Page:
Tuesday, February 10, 2015

Ancient history of cardamom

Cardamom, popularly known as the ‘Queen of Spices’ is the second most important spice crop in the world, next to black pepper, which is known as the ‘King of Spices’. It is the third most expensive spice in the world, after saffron and vanilla.

Cardamom has a history as old as the human race. The earliest reference to cardamom is from the ancient city of Nippur, Sumaira, dated 2000 BC, on a clay tablet. It indicates that ground cardamom was mixed with bread and added to soups.

It is mentioned in ancient Vedic texts by Theophrastus in the fourth century BC and later by Dioscorides in the 5th century BC.

According to Taitreya Samhita (3000Bc), in ancient Hindu culture, sacrificial fire was a common ritual and in ancient texts, cardamom was an ingredient, along with several other materials, the sacrificial fire, solemnizing a Hindu marriage.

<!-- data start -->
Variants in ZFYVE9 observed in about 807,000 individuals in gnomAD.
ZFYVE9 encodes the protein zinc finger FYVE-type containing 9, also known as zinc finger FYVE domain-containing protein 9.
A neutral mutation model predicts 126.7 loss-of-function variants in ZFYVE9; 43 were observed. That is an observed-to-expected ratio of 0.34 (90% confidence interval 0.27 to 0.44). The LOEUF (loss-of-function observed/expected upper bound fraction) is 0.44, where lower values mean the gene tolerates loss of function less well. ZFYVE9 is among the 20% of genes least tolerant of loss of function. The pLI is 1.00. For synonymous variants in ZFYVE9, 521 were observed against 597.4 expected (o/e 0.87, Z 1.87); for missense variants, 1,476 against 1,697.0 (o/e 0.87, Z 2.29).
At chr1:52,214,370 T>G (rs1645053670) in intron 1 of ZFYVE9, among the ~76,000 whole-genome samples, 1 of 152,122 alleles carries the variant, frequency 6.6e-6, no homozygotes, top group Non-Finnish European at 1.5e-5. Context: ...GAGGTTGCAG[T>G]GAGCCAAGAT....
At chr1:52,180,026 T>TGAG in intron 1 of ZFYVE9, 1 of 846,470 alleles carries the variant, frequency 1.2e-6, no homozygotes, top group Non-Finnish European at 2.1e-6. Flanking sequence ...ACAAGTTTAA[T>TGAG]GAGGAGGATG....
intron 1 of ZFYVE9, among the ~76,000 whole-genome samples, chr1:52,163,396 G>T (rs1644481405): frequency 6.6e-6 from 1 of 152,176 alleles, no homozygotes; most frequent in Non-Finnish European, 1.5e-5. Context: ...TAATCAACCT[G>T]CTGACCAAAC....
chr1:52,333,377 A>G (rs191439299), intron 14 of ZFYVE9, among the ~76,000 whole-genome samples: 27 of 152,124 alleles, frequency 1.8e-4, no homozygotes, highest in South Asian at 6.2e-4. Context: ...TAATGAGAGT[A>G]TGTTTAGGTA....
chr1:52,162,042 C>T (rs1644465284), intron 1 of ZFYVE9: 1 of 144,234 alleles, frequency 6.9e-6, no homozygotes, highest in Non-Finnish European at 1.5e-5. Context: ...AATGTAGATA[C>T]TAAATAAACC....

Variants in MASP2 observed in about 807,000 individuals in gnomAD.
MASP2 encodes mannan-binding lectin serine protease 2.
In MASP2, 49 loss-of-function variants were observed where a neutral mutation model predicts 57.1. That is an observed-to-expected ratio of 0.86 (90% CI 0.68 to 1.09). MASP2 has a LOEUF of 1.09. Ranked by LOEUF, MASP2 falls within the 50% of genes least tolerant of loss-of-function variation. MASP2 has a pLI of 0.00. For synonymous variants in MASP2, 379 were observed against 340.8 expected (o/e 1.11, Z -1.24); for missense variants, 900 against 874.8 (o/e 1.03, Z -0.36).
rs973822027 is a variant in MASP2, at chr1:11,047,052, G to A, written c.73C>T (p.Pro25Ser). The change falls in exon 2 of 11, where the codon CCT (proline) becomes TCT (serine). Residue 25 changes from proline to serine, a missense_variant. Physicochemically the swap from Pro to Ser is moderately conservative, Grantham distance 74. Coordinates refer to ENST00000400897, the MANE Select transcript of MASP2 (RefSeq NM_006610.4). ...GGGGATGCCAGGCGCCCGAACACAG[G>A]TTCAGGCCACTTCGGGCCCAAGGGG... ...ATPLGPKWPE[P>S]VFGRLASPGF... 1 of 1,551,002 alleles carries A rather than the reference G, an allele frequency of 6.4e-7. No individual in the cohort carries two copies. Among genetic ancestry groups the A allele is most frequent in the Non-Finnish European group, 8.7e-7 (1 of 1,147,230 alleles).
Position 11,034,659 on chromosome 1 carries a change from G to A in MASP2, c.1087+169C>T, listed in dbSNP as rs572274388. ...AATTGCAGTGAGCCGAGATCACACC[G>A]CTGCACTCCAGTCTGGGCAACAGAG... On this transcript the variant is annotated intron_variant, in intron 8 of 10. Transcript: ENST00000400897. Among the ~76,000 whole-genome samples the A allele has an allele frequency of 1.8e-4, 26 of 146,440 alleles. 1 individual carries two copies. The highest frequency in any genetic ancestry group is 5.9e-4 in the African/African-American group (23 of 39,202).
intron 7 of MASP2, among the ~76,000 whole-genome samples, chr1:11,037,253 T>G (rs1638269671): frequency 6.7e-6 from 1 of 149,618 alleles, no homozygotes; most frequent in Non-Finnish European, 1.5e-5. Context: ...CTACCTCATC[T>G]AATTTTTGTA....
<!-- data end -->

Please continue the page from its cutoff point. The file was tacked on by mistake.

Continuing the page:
Cardamom grew in the gardens of the King of Babylon in 720 BC. It was used as early as the 4th century BC by Indian Ayurvedic experts and by ancient Greeks and Romans. Spices were the symbols of royalty and luxury and cardamom was used in the manufacture of perfumes during Greek and Romans times.

The ancient Egyptians chewed cardamom seeds as a tooth cleaner. It was featured regularly in the ‘Arabian Nights’ for its aphrodisiac qualities and the ancient Indians regarded it as a cure for obesity.

Cardamom is believed to be a native of India. It was probably imported into Europe in 1214 AD. Viking explorers visiting what is now Turkey about one thousand years ago brought it back to Scandinavia where it still remains a popular spice.
Ancient history of cardamom